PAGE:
Income earned on assets held in a revocable living trust is reported and taxed as if it was earned directly by the settlor of the trust. The Internal Revenue Service (IRS) considers a living trust that is revocable, or in which the settlor retains interest in or power over the assets, to be a "grantor trust." The trust is not a separate tax entity and does not file its own return.
Report interest. Income earned on a living trust through taxable interest should be reported on Line 8a with your other earned interest; tax-exempt interest on Line 8b. Tax-exempt interest is usually that earned on municipal bonds or certain mutual funds. Do not include interest earned on an IRA or other retirement or Medicare account.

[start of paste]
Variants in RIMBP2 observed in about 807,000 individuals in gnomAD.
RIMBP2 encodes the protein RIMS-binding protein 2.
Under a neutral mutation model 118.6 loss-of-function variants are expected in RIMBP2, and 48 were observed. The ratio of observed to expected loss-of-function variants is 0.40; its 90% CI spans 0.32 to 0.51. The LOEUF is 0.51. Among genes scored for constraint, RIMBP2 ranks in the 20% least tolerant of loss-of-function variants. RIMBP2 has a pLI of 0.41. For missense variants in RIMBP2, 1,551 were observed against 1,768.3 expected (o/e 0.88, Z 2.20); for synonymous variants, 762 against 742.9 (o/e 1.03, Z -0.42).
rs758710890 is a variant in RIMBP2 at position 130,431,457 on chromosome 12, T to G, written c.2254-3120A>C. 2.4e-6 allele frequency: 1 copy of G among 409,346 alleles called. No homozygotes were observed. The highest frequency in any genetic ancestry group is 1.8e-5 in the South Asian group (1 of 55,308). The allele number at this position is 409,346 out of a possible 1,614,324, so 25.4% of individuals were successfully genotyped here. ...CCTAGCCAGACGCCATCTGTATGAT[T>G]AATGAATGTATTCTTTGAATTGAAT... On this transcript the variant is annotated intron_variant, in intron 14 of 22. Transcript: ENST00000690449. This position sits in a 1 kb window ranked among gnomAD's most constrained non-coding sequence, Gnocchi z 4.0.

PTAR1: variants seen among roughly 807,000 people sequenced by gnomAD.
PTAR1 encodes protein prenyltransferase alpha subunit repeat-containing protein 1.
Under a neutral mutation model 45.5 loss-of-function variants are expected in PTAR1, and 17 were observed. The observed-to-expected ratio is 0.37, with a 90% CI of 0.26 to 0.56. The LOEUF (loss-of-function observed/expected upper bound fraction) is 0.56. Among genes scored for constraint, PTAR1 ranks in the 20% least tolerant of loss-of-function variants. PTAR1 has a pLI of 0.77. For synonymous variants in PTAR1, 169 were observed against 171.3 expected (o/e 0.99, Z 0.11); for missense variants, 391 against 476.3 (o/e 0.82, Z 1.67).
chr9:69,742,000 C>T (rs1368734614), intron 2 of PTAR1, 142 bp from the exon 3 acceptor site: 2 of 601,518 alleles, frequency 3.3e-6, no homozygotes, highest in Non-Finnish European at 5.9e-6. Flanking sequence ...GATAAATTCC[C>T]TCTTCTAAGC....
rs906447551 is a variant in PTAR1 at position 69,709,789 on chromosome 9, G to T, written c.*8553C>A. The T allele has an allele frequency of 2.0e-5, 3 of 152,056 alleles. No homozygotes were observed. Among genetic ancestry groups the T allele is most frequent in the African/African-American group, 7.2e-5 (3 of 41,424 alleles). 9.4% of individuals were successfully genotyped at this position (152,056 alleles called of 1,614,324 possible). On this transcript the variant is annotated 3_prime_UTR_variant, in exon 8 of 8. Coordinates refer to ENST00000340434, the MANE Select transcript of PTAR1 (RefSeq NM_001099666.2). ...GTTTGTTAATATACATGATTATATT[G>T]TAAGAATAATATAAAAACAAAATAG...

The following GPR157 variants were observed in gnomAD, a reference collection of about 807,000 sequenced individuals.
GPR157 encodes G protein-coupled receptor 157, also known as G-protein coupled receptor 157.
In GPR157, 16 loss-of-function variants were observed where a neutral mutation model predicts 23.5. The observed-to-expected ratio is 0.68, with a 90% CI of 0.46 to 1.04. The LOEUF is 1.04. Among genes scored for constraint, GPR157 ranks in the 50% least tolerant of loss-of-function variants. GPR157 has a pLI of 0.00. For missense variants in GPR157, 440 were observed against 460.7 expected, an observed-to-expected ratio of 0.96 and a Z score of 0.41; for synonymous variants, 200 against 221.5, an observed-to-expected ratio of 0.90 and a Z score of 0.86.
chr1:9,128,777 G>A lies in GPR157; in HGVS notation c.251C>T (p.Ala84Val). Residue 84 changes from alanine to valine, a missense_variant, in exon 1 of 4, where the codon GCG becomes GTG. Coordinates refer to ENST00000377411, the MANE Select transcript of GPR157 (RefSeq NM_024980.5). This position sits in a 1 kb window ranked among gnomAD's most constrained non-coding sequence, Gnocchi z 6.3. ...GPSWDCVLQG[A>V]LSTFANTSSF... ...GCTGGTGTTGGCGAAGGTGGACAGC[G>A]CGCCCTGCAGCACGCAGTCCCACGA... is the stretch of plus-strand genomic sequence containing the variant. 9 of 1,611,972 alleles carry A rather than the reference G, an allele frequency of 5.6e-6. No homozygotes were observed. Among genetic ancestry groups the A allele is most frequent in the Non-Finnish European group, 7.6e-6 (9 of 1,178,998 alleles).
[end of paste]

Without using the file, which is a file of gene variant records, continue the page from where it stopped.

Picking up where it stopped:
Report dividends. Use Line 9a to report ordinary dividends, including those earned on assets held in a living trust. Qualified dividends, which meet certain holding duration requirements (60 days for common stock and 90 days for preferred), are reported on Line 9b.
Report capital gains. If the income earned in the trust was through the sale of stocks or other property, it most likely reflects a capital gain. This sort of income should be reported on Line 13 of Form 1040, and included on Schedule D as either long- or short-term (asset held more or less than one year).
Report real estate and other income. It is not uncommon for a living trust to hold income producing assets, such as rental properties or intellectual property earning royalties. This income, as well as that gained through a partnership or S corporation, are recorded on Schedule E and reported on Line 17 of Form 1040. If you received funds as a beneficiary of another trust, these are also recorded on Schedule E and Line 17.